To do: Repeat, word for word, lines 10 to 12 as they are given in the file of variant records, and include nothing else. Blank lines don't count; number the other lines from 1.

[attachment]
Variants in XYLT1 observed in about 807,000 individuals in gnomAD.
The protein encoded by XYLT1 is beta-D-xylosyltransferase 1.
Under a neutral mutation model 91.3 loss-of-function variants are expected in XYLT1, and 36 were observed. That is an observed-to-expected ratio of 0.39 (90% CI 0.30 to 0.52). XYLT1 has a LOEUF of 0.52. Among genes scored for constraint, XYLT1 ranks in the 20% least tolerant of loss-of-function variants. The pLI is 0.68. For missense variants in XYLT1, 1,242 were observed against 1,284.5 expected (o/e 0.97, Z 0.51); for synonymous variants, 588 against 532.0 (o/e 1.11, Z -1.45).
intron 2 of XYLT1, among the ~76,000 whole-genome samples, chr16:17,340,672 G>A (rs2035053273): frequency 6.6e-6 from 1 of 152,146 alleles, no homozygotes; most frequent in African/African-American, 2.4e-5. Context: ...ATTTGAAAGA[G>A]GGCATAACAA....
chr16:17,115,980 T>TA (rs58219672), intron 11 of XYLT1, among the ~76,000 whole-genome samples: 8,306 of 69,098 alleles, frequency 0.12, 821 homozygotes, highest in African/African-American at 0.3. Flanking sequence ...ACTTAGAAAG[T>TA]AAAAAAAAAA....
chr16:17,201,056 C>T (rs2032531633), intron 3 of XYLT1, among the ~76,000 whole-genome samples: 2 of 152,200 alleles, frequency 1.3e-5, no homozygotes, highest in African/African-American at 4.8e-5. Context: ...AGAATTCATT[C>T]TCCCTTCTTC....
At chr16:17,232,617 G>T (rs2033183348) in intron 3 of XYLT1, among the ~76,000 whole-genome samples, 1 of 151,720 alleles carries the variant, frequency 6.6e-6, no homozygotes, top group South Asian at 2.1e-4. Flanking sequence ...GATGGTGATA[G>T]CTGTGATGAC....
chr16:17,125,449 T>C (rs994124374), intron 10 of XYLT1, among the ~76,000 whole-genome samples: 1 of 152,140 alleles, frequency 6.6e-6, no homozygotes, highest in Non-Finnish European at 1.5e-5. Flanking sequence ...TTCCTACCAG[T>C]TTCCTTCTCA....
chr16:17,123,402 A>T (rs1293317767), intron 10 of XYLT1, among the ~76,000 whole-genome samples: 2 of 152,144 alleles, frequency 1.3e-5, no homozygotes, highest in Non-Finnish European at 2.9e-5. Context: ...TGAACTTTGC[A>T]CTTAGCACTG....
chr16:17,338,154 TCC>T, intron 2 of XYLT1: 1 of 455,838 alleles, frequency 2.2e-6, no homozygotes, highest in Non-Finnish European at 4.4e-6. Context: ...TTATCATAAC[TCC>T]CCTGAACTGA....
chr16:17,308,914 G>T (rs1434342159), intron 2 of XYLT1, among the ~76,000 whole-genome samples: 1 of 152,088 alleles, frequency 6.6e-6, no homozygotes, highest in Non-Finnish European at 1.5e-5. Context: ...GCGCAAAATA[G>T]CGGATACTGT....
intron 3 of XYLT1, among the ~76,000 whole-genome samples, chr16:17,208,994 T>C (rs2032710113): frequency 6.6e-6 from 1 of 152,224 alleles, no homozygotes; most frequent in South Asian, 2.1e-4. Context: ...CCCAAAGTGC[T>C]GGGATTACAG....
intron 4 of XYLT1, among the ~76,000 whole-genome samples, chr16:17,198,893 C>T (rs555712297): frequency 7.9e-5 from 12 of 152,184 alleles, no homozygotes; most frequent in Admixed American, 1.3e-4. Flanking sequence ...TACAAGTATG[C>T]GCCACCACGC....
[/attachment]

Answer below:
chr16:17,338,154 TCC>T, intron 2 of XYLT1: 1 of 455,838 alleles, frequency 2.2e-6, no homozygotes, highest in Non-Finnish European at 4.4e-6. Context: ...TTATCATAAC[TCC>T]CCTGAACTGA....
chr16:17,308,914 G>T (rs1434342159), intron 2 of XYLT1, among the ~76,000 whole-genome samples: 1 of 152,088 alleles, frequency 6.6e-6, no homozygotes, highest in Non-Finnish European at 1.5e-5. Context: ...GCGCAAAATA[G>T]CGGATACTGT....
intron 3 of XYLT1, among the ~76,000 whole-genome samples, chr16:17,208,994 T>C (rs2032710113): frequency 6.6e-6 from 1 of 152,224 alleles, no homozygotes; most frequent in South Asian, 2.1e-4. Context: ...CCCAAAGTGC[T>C]GGGATTACAG....